If the cost to make the improvements is $3,000 or less, you won’t need to do an energy assessment, but will need to provide contractor estimates. As with other types of EEMs, the projected savings from the energy-efficiency improvements need to outweigh the costs.

If you get a VA EEM, you also have to complete the improvements within six months of closing the loan.

Energy-efficient mortgage lenders

You can get an EEM through many of the same lenders that offer mortgages, including banks and credit unions. If you’re already working with a bank to get a mortgage for a purchase or refinance, ask about whether it offers EEMs.

Many states also facilitate programs for green mortgages, and your state housing finance agency might be able to direct you to lenders that offer EEMs. You can find your state’s housing authority in this Bankrate guide.

Alternatives to an energy-efficient mortgage

If you want to make energy-efficiency improvements to your home but need to borrow more than you can get with an EEM — or don’t want to deal with the process of an energy audit — here are some other options:

  • Cash-out refinance: If you’ve owned your home for a while, you might have significant equity in the property that you can leverage for home improvements. Generally, a cash-out refinance is a good idea if you can afford the closing costs, lower your interest rate and use the funds to add value to your home or make headway with other financial goals.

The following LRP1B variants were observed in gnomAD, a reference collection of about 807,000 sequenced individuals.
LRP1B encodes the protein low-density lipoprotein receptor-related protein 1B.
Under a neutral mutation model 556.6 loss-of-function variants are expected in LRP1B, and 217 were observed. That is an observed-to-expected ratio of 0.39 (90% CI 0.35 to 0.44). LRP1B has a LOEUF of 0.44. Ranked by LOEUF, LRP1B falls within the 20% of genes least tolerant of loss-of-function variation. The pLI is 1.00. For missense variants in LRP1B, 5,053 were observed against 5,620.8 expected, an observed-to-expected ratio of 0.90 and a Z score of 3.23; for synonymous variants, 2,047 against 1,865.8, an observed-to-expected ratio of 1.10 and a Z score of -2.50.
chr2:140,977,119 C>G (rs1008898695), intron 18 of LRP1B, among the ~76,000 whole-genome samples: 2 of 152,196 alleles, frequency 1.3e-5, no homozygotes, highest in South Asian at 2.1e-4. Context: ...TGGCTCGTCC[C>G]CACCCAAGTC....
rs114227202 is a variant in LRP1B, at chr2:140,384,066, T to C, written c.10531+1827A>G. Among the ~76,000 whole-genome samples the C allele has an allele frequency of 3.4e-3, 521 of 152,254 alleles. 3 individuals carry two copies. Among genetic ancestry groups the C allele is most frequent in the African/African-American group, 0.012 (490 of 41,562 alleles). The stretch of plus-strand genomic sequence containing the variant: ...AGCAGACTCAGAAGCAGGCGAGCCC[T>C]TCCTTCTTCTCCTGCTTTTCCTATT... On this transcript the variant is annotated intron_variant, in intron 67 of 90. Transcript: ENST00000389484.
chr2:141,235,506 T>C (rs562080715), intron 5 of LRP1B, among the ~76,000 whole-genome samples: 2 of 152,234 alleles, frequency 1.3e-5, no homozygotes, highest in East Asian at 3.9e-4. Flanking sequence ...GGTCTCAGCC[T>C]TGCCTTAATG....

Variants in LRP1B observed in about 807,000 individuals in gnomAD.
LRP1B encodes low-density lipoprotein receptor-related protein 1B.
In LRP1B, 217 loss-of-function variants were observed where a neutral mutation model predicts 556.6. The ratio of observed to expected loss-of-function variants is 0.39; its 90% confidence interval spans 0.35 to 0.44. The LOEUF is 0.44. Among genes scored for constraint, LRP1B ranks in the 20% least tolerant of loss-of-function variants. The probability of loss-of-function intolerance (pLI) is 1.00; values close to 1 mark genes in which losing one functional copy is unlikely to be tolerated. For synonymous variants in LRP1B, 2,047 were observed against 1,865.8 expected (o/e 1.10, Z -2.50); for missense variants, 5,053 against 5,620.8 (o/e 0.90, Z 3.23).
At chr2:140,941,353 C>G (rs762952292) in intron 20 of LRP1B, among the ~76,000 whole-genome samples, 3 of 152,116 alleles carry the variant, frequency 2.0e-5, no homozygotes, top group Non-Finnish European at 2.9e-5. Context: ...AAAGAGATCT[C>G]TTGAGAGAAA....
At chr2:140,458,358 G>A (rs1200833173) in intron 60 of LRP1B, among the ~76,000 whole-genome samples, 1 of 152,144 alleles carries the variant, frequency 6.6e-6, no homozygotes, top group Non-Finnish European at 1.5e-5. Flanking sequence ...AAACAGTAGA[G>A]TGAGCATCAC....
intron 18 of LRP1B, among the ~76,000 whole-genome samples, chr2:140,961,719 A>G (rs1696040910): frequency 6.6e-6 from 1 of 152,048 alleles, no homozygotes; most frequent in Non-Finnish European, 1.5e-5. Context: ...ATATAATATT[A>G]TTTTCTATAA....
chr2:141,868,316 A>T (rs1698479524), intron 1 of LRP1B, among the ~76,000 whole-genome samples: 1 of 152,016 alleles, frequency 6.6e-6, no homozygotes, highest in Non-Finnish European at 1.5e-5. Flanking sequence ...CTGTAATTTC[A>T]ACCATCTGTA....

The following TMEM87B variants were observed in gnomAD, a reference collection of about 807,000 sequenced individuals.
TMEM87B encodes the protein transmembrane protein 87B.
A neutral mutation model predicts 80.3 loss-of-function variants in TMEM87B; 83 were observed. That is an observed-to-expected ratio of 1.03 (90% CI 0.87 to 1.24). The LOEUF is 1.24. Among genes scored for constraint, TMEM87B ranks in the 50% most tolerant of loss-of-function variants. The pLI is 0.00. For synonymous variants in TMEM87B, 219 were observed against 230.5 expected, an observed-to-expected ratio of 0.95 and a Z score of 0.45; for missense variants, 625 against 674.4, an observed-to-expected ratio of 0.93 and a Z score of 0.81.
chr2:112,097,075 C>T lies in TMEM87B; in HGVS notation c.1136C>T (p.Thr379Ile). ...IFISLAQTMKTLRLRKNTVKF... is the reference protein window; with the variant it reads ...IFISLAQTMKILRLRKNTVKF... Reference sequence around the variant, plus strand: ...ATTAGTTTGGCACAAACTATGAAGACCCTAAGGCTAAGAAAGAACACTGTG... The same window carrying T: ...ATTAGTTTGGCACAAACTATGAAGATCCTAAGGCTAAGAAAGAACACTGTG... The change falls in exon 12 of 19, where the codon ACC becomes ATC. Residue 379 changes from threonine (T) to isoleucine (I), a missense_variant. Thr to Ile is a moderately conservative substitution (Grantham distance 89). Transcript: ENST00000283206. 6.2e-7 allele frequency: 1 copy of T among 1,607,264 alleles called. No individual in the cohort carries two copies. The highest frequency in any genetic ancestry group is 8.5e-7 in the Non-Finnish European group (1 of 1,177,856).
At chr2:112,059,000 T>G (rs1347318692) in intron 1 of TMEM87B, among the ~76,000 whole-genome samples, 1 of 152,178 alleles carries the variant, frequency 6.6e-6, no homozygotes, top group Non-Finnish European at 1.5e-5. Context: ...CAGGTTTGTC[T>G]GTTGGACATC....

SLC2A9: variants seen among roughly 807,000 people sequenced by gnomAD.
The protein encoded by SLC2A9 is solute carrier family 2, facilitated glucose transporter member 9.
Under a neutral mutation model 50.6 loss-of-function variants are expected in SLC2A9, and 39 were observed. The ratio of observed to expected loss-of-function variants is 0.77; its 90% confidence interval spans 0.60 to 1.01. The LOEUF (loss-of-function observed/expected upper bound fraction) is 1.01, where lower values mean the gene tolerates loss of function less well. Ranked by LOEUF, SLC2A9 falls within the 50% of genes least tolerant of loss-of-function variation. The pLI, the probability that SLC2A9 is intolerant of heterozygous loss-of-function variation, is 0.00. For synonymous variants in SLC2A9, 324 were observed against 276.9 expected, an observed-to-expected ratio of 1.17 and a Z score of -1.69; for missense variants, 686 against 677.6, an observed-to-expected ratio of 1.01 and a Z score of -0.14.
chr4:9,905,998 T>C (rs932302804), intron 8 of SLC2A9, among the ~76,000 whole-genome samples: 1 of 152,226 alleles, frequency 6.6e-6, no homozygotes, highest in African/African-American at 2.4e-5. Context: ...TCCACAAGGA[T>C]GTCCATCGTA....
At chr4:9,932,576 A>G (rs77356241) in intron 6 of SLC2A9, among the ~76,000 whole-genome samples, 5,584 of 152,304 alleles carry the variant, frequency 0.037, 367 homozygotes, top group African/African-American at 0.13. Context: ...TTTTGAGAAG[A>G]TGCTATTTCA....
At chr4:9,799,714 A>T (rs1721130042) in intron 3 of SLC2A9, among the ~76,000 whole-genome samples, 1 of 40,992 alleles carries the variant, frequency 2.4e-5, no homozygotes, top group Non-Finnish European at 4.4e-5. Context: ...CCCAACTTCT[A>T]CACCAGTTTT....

• Home equity loan: A home equity loan functions similarly to a mortgage, allowing you to borrow money in a lump sum — with your home as collateral — and comes with a fixed rate and a term of up to 30 years. You can use the money for almost anything, including energy-efficiency upgrades.
  • Personal loan: Personal loans are more expensive than home equity loans and mortgages in general, but they don’t rely on you having equity in your home and don’t put your home on the line as collateral. They’re also highly flexible, so you can use them to make home improvements. Many lenders won’t let you borrow large amounts, however, which could make it difficult to finance more expensive energy-efficiency improvements like solar panels.

Is an energy-efficient mortgage right for you?

EEMs are best for homeowners who want to reduce their energy costs in the short run and increase their home’s value in the long run. Given the tight borrowing limits, EEM refinances are also better for homeowners who don’t need to take out a significant amount of equity at once.

Energy-efficient mortgage FAQ

  • Yes. An energy-efficient mortgage is often combined with other types of financing, such as the FHA 203(k) rehab loan.
  • The energy-efficient mortgages in this guide are for residential properties. There are also green financing options for commercial properties, such as Commercial Property-Assessed Clean Energy (C-PACE) loans.
  • The same improvements that qualify you for an energy-efficient mortgage might also qualify for tax incentives or rebates. Likewise, you could qualify for covered improvements independently of an EEM and the projects it might fund. Learn more about energy-efficiency federal tax credits.